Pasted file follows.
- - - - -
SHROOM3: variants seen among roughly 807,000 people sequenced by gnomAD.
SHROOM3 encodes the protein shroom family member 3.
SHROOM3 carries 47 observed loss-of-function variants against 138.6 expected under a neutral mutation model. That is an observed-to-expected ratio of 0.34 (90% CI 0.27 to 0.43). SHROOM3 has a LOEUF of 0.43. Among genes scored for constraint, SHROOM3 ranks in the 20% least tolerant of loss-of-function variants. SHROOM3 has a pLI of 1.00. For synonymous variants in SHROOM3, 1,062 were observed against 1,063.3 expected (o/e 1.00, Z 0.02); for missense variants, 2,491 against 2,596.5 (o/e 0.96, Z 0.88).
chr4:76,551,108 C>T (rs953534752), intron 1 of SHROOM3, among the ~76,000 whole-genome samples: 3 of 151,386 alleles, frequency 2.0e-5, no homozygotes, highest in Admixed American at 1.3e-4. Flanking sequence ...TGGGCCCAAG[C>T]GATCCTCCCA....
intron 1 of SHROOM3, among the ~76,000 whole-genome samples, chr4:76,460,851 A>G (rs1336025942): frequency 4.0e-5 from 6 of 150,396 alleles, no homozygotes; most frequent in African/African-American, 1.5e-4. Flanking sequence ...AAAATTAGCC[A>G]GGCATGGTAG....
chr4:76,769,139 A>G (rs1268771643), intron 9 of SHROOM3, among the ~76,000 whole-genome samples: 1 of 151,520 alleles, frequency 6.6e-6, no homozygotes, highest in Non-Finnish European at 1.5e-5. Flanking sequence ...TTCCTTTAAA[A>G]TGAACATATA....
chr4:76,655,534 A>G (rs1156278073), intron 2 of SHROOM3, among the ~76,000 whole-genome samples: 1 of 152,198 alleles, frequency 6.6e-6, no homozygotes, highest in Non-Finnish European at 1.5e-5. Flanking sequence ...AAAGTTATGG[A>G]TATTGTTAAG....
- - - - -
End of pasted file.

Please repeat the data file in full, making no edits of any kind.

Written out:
SHROOM3: variants seen among roughly 807,000 people sequenced by gnomAD.
SHROOM3 encodes the protein shroom family member 3.
SHROOM3 carries 47 observed loss-of-function variants against 138.6 expected under a neutral mutation model. That is an observed-to-expected ratio of 0.34 (90% CI 0.27 to 0.43). SHROOM3 has a LOEUF of 0.43. Among genes scored for constraint, SHROOM3 ranks in the 20% least tolerant of loss-of-function variants. SHROOM3 has a pLI of 1.00. For synonymous variants in SHROOM3, 1,062 were observed against 1,063.3 expected (o/e 1.00, Z 0.02); for missense variants, 2,491 against 2,596.5 (o/e 0.96, Z 0.88).
chr4:76,551,108 C>T (rs953534752), intron 1 of SHROOM3, among the ~76,000 whole-genome samples: 3 of 151,386 alleles, frequency 2.0e-5, no homozygotes, highest in Admixed American at 1.3e-4. Flanking sequence ...TGGGCCCAAG[C>T]GATCCTCCCA....
intron 1 of SHROOM3, among the ~76,000 whole-genome samples, chr4:76,460,851 A>G (rs1336025942): frequency 4.0e-5 from 6 of 150,396 alleles, no homozygotes; most frequent in African/African-American, 1.5e-4. Flanking sequence ...AAAATTAGCC[A>G]GGCATGGTAG....
chr4:76,769,139 A>G (rs1268771643), intron 9 of SHROOM3, among the ~76,000 whole-genome samples: 1 of 151,520 alleles, frequency 6.6e-6, no homozygotes, highest in Non-Finnish European at 1.5e-5. Flanking sequence ...TTCCTTTAAA[A>G]TGAACATATA....
chr4:76,655,534 A>G (rs1156278073), intron 2 of SHROOM3, among the ~76,000 whole-genome samples: 1 of 152,198 alleles, frequency 6.6e-6, no homozygotes, highest in Non-Finnish European at 1.5e-5. Flanking sequence ...AAAGTTATGG[A>G]TATTGTTAAG....